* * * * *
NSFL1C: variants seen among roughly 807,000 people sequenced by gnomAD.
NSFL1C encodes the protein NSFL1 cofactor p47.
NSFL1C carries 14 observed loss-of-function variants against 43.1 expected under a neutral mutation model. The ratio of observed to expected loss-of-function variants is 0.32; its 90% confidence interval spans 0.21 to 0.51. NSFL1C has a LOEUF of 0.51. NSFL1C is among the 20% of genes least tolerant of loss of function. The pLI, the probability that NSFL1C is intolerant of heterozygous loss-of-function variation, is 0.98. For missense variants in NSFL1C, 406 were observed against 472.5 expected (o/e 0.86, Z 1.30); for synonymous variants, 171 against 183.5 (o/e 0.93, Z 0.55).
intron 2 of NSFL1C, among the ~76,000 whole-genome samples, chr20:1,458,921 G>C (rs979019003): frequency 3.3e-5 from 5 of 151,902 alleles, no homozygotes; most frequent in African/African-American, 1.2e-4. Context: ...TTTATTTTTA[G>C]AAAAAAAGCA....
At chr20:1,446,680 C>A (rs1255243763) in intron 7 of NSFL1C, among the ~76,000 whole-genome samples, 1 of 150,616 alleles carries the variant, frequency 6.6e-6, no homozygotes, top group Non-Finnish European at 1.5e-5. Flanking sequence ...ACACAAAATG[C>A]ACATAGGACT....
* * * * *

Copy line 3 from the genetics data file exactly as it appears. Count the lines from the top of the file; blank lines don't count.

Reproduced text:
NSFL1C carries 14 observed loss-of-function variants against 43.1 expected under a neutral mutation model. The ratio of observed to expected loss-of-function variants is 0.32; its 90% confidence interval spans 0.21 to 0.51. NSFL1C has a LOEUF of 0.51. NSFL1C is among the 20% of genes least tolerant of loss of function. The pLI, the probability that NSFL1C is intolerant of heterozygous loss-of-function variation, is 0.98. For missense variants in NSFL1C, 406 were observed against 472.5 expected (o/e 0.86, Z 1.30); for synonymous variants, 171 against 183.5 (o/e 0.93, Z 0.55).